Some commonly used meds could speed mental decline
Updated: Nov 14, 2021
A widely used group of prescription and over-the-counter medications could speed up older adults’ mental decline, a series of studies in the US, Canada, France and Germany shows.
These meds are called anticholinergics (ACs for short). In addition to prescriptions, many over-the-counter allergy, cough, and cold medicines have anticholinergic properties.
ACs are widely used for a very good reason: They work. They’re effective in treating all kinds of conditions – from allergies and motion sickness to overactive bladder to high blood pressure, from depression to Parkinson’s disease.
The most frequently prescribed ACs include antidepressants (amitriptyline, bupropion, citalopram, escitalopram, fluoxetine, mirtazapine, nortriptyline, paroxetine, sertraline, venlafaxine), antipsychotics (aripiprazole, clozapine, olanzapine, quetiapine, risperidone), insomnia drugs (trazodone, zopiclone), and pain relievers (amitriptyline, cyclobenzaprine, nortriptyline).
All of them work by blocking acetylcholine, a chemical that transmits messages among nerve cells. This is why ACs have short-term side effects including confusion and fuzzy memory. But healthy older adults, UPI reported, “had an increased risk of developing mild cognitive impairment” such as “memory and thinking problems that may progress to dementia.”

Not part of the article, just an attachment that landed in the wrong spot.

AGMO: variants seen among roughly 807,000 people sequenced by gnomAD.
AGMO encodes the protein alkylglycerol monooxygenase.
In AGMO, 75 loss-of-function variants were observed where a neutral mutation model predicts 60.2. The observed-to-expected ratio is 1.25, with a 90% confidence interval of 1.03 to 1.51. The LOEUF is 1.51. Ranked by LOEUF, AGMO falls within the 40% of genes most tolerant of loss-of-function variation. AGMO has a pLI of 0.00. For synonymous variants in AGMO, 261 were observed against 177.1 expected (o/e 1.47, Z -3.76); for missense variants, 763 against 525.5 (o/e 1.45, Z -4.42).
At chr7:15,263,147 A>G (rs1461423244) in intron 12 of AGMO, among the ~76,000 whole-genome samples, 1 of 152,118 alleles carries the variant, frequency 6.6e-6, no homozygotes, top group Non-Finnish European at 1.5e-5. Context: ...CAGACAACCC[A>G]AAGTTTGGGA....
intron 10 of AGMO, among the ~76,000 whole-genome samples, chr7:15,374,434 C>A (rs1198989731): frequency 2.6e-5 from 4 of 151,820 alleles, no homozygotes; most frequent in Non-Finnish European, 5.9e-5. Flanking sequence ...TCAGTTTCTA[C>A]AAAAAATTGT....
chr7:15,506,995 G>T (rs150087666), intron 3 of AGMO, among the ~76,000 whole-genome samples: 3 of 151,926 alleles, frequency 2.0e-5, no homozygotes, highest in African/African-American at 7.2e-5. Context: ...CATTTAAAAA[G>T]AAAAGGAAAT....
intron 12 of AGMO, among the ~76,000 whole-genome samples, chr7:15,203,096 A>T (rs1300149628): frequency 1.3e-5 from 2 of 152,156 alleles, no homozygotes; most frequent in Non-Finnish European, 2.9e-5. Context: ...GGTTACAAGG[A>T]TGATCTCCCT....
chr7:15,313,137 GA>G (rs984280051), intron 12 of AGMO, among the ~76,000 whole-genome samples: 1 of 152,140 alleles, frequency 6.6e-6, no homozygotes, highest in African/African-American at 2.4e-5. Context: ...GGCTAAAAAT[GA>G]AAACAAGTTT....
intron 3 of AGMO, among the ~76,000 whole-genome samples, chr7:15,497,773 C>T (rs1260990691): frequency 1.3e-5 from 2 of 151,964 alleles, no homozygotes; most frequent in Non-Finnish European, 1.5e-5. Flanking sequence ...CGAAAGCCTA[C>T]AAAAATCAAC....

A University of California, San Diego study followed 688 older adults with no memory or thinking skills problems, testing their mental acuity each year for ten years. More than half of those taking ACs regularly – many taking them in multiple medications – were found to be more likely to develop mild cognitive impairment.
Three similar studies – in France, Germany, and the US –reached similar conclusions: “that patients who take higher doses of stronger AC drugs are at greater risk of dementia” and that “those who stop using anticholinergics are at lower risk of dementia than those who continue.”
While it’s true that correlation doesn't prove causation, “[t]he preponderance of evidence suggests it's better to avoid these medications in older adults,” according to Dr. Allison Reiss, associate professor at NYU Long Island School of Medicine and advisory board member of the Alzheimer’s Foundation of America.
Especially if you’re taking several prescription medicines, as most seniors are, it makes sense to ask your doctor(s) about them. Which ones contain ACs? Are there equally beneficial meds which don’t that I can switch to? Are there any I can do without? (Dr. Reiss advises against taking “medications that aren’t necessary.”) What’s the safest way to taper off an AC medication and switch to a non-AC drug?
This is one example of why, while so many caregivers zoom in on just one aspect of senior care, it’s so important to step back and take a look at the holistic, overall, picture. That’s why Senior Insights works with you to develop a coordinated care plan, integrating your needs as determined by our thorough three-part assessment; your different doctors and their approaches to your health needs; your schedule; and your hobbies, interests, activities and social life. To learn more about the difference holistic senior care can make, please contact us for a consultation.